24 May 2019 • Lauren Grace Morris
How to make a tapas bar contemporary? Make it comfortable
Ask anyone: tapas bars are amongst the most convivial spaces one can find themselves in. Though, they’re not the most accommodating – the relaxed approach to hospitality often lends itself to cramped spaces, loud acoustics and limited seating options. But the gastronomic typology is maturing, if even far from its origin. Como Taperia is a good example, an exciting new addition to Vancouver’s hospitality scene thanks to the design-mindedness of local studio Ste. Marie.
The opening comes at an opportune time for similar foreign-food endeavours in the city to thrive. British Columbians are spending more on dining out than ever, and the city’s growing tourism industry is awash with opportunity. Only recently, Ste. Marie’s team was behind the interiors of Caffè La Tana, an Italian alimentari that has the same effect of the taperia: makes the traditional feel unexpectedly novel.
But with Como Taperia the studio wanted to accomplish this by taking a less maximal approach to spatially interpreting Spanish cuisine, to reflect the utilitarian, clever nature of the country’s working class (and original patrons of tapas bars). So they set out to tie Spain and Vancouver together in a space that wouldn’t feel overly fussy or inauthentic.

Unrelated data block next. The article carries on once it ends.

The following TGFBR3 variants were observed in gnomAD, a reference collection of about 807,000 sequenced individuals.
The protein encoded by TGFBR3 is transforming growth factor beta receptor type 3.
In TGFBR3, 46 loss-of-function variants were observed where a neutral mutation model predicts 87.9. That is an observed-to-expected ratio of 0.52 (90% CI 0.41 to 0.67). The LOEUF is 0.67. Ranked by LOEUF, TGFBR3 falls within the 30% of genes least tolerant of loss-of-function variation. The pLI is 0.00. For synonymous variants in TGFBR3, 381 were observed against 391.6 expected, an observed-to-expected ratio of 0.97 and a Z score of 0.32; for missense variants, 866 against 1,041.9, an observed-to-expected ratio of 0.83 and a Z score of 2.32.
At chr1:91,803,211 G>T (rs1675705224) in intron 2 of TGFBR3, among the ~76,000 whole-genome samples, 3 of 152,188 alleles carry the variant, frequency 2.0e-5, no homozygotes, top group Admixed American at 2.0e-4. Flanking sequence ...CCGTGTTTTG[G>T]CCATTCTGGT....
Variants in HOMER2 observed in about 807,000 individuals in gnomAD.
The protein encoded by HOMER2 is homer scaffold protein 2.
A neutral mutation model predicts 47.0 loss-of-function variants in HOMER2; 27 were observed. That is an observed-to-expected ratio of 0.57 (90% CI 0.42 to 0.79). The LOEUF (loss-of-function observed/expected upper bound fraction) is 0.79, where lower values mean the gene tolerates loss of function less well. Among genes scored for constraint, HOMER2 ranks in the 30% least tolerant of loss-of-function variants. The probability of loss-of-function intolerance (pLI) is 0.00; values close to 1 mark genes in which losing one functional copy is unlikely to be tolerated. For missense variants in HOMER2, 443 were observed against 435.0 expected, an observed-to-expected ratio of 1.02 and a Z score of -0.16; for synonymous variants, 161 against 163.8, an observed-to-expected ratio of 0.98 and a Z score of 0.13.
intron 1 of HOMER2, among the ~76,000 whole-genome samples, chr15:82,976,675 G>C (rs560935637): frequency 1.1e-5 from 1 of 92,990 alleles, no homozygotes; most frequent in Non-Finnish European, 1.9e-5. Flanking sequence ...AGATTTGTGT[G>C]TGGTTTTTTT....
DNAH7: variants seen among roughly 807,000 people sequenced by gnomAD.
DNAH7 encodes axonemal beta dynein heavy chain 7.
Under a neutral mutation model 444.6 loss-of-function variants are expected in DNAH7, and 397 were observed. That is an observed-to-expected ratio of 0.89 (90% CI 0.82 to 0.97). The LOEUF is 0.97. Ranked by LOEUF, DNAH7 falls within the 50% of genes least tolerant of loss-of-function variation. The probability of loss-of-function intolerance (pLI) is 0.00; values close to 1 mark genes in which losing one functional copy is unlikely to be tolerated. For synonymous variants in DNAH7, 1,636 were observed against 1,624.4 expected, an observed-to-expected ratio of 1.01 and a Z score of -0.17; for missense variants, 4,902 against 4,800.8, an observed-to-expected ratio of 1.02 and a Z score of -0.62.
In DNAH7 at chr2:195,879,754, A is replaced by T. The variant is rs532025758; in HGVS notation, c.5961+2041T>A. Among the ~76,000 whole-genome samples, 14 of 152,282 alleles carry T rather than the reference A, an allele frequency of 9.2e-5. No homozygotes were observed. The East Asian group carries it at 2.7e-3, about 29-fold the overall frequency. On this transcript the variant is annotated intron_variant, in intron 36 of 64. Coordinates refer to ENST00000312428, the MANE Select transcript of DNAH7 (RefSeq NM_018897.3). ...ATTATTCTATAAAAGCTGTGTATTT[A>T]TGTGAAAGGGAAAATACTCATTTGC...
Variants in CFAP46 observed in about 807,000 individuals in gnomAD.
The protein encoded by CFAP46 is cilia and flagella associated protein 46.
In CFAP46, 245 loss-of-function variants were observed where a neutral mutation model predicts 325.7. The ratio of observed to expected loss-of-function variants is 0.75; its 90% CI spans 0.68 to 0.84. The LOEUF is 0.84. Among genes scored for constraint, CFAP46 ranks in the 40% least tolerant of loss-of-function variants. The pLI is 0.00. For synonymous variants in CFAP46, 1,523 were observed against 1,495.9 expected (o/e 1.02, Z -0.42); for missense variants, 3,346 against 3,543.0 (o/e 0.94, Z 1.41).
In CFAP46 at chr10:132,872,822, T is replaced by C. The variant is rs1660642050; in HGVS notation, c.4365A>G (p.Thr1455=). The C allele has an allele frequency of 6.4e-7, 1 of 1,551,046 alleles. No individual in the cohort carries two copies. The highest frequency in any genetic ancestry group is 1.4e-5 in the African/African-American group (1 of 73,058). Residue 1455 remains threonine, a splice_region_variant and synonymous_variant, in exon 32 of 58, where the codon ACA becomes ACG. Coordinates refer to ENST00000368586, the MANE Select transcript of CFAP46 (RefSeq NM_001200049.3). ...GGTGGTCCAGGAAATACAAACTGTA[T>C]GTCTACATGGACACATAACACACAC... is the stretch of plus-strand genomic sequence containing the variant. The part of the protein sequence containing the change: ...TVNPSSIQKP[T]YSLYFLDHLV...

‘We recognized that part of the success of these bars is that they are lively, that the service is informal and hospitable, but that there is no effort spent on the physical comforts and norms of North American dining,’ said Ste. Marie’s lead designer, Rachel Martinuk.
The space is certainly more liberally laid out than many of its predecessors (it’s 130-sq-m, and has room to fit nearly 60 comfortably). They had some regionally appropriate points of inspiration to inform their colour palette, like the work of Joan Miró – identifiable by the touches of blue – and Salvador Dalí. A major reference point for materiality was Barcelona’s heavily-graffitied Jardins de le Xemenies, the remains of a 20th-century power station with three brick chimneys that backdrop Poble Sec.
‘At Como, our goal was to provide a casual spot that clients could relax, have a little fun, and enjoy themselves,’ Martinuk remarked. ‘That’s all.’